I won't delve into every single 80s level bizarreness of the scene, but it is something to behold.  One single highlight though, is when they toss the body of the dead girl into the air like a cheerleader, and she *stays* dead and just kinda flips like a limp ragdoll to land with a most satisfying thud.

 Paul Blackthorne, in the days before Dresden Files and Arrow.

Paul Blackthorne, in the days before Dresden Files and Arrow.

Peter the director finally calls a halt to the rehearsal of eccentricity, thankfully, and the cast all splits up while he yells and things reset for another run.

The biggest problem here is, as we take time to meet all the characters, is that there are a few too many of them to really get to know them well beyond some surface traits like the flamboytantly gay guy, the overly bitchy diva, the very angry director...  You get the broad strokes, but it all just kinda washes over you.  On the upside, there's a lotta canon fodder to play with.  And at least only one or two you immediately WANT to see dead.

Anyways, during the tossing around,  our star Alicia hurt her ankle, and sneaks out through the side entrance.  Peter has put in place very strict rules that he doesn't want the cast leaving during rehearsals, but they convince the friendly stage manager, Willy.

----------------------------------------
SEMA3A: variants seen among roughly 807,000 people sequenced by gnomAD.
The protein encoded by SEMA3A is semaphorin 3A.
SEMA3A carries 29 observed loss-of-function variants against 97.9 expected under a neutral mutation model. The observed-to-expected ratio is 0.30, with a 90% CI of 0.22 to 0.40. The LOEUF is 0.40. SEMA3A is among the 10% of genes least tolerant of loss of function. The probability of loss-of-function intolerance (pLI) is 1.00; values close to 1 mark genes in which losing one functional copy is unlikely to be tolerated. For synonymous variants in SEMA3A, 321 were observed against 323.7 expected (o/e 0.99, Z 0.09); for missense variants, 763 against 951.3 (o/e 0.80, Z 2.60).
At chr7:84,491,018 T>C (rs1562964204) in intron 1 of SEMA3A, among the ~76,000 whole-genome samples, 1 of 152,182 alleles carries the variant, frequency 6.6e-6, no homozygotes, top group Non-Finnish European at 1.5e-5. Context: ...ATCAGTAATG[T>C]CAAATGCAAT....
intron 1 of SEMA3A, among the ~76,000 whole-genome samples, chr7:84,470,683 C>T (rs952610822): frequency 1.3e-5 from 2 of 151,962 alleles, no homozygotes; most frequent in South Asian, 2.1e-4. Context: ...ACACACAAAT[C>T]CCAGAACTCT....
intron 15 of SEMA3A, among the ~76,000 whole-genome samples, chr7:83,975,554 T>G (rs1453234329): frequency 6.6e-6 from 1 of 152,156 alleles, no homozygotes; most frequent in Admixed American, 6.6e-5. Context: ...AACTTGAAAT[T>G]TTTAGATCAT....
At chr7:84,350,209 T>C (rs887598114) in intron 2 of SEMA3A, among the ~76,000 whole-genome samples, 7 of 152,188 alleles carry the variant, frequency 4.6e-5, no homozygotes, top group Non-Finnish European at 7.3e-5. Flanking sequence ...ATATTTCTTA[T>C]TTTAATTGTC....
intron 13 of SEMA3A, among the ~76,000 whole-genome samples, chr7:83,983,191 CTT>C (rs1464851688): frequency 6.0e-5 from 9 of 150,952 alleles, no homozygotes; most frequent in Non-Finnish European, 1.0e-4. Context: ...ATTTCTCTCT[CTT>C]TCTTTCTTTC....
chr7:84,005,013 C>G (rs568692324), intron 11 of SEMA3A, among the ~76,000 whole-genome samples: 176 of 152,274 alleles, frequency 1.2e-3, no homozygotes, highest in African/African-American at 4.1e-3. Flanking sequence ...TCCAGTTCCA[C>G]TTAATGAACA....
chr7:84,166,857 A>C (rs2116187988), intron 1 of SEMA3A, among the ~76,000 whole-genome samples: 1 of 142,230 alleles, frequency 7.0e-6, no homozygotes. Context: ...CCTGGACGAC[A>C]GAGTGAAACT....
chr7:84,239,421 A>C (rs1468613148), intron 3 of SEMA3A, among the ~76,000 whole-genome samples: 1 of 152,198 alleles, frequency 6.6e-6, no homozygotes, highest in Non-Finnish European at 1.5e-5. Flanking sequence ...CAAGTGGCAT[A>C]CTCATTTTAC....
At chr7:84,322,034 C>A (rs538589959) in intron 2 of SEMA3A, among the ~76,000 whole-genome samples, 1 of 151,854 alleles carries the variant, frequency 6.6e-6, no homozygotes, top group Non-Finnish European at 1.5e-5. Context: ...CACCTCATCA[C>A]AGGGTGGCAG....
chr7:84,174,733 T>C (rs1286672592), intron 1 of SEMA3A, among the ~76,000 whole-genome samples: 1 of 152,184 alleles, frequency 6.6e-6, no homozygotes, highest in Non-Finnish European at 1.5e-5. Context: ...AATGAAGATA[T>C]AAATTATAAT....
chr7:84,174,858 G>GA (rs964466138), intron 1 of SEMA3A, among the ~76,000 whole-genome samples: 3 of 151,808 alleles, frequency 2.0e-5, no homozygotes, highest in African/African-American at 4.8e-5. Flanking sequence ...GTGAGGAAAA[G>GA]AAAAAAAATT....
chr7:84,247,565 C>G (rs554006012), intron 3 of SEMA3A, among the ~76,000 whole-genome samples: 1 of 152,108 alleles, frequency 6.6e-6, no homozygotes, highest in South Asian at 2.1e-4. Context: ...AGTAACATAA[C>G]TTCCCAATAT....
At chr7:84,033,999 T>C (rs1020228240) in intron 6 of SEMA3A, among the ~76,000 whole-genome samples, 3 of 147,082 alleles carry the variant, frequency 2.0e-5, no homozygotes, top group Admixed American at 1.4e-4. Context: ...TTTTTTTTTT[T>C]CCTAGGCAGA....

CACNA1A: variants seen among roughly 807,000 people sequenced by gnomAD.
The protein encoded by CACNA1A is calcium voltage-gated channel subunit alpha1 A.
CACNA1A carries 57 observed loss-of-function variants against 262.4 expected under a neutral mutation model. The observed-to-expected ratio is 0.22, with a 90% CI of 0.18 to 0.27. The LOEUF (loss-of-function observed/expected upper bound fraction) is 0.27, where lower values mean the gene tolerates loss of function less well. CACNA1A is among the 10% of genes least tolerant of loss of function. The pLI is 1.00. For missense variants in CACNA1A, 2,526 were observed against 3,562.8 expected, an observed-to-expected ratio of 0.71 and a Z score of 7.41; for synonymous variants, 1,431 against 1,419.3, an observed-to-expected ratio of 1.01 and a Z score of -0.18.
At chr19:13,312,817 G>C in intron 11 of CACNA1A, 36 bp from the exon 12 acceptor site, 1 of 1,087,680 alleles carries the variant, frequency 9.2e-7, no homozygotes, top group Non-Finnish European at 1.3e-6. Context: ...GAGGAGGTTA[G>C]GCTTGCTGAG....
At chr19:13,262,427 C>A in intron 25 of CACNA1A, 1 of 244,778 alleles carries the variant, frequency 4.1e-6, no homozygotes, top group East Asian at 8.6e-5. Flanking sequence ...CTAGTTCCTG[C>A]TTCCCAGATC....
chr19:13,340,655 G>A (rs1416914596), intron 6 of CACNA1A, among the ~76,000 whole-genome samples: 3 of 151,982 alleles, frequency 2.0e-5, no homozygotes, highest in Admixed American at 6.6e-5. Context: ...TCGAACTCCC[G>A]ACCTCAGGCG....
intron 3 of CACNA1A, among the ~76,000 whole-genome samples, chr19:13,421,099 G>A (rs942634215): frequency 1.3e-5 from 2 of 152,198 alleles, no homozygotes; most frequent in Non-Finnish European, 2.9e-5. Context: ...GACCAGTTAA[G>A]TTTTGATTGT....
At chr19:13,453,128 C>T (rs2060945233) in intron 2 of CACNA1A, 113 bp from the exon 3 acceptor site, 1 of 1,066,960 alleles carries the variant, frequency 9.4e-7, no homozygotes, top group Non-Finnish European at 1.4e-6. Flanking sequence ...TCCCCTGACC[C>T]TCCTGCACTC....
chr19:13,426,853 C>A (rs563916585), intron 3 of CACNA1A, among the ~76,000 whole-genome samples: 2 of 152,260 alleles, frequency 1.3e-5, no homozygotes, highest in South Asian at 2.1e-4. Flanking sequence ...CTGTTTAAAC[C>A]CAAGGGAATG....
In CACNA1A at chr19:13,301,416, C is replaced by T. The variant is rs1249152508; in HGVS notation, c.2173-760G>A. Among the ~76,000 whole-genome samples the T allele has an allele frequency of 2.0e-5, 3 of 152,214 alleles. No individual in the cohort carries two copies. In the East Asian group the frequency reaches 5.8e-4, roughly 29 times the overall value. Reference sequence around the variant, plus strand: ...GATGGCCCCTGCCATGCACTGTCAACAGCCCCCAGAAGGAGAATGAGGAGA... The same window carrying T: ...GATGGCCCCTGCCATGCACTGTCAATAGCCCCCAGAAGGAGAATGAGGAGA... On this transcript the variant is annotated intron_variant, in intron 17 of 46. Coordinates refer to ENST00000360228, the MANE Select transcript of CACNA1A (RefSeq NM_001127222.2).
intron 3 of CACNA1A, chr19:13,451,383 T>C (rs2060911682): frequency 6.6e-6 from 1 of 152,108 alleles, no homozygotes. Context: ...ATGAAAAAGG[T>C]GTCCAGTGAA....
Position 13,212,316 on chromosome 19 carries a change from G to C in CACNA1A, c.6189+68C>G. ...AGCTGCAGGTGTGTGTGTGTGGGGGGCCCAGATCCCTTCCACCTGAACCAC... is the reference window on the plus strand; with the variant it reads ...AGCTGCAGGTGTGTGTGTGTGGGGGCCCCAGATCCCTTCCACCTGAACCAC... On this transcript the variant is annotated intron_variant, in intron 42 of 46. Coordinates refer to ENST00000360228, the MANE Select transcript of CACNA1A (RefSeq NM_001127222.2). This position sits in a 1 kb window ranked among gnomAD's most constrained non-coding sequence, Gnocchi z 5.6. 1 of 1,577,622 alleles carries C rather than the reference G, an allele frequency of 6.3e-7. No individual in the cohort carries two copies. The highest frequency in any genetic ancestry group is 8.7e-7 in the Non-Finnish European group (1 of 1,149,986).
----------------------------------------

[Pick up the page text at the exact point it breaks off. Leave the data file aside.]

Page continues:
Now, they set up that the side entrance is locked, and the key is kept hidden by Willie, which is an overly convoluted way to keep the cast trapped in the one location.  It's effective in a quick way, but also seems very contrived in a plotty way.

 Warning, this is a plot complication!

Warning, this is a plot complication!

So, the two women sneak off to a nearby hospital so Alicia can get her ankle looked at before Peter notices.  Oh, and also, it's a MENTAL hospital, because that's the nearest one to the theatre.  What could possibly go wrong??

Nurse Ratchet tries to turn them away, because mental hospital, but a friendly doctor decides he can help out the girls.  Hmm, gee, whyever would he do such a thing??

Along the way to his office, Alicia gets distracted by our soon-to-be featured killer in his cell, and gets startled by an orderly coming by to feed the guy.  He shoos Alicia on her way, and the plot churns onward.

 I can smell your feet!!

I can smell your feet!!

Oh, and it's also worth noting that Irving Wallace is a former actor who went crazy and killed people.  It's not that important to the plot in the long run, but does give him some background and familiarity with getting around backstage.

The ladies rush back to the theatre, and Alicia heads inside, while Betty parks the car.  Once they're both gone, Wallace sits up in the back seat.  Seriously, how does no one in horror movies ever notice a guy just laying on their backseat?

Alicia runs into the director, who's not happy she disappeared, and fires her from the production right there on the spot, in front of the whole company.  Meanwhile, Betty comes inside and turns right back around because she left her lights on.

It starts POURING while she's out there, and after a quick jump scare with Lucifer the cat who's been lurking through the movie all this time, she starts to head back to the stage.  Her trip is cut short when she meets Irving Wallace and his pickaxe of doom.

 Dentists tell you not to pick your teeth with any sharp, metal object.

Dentists tell you not to pick your teeth with any sharp, metal object.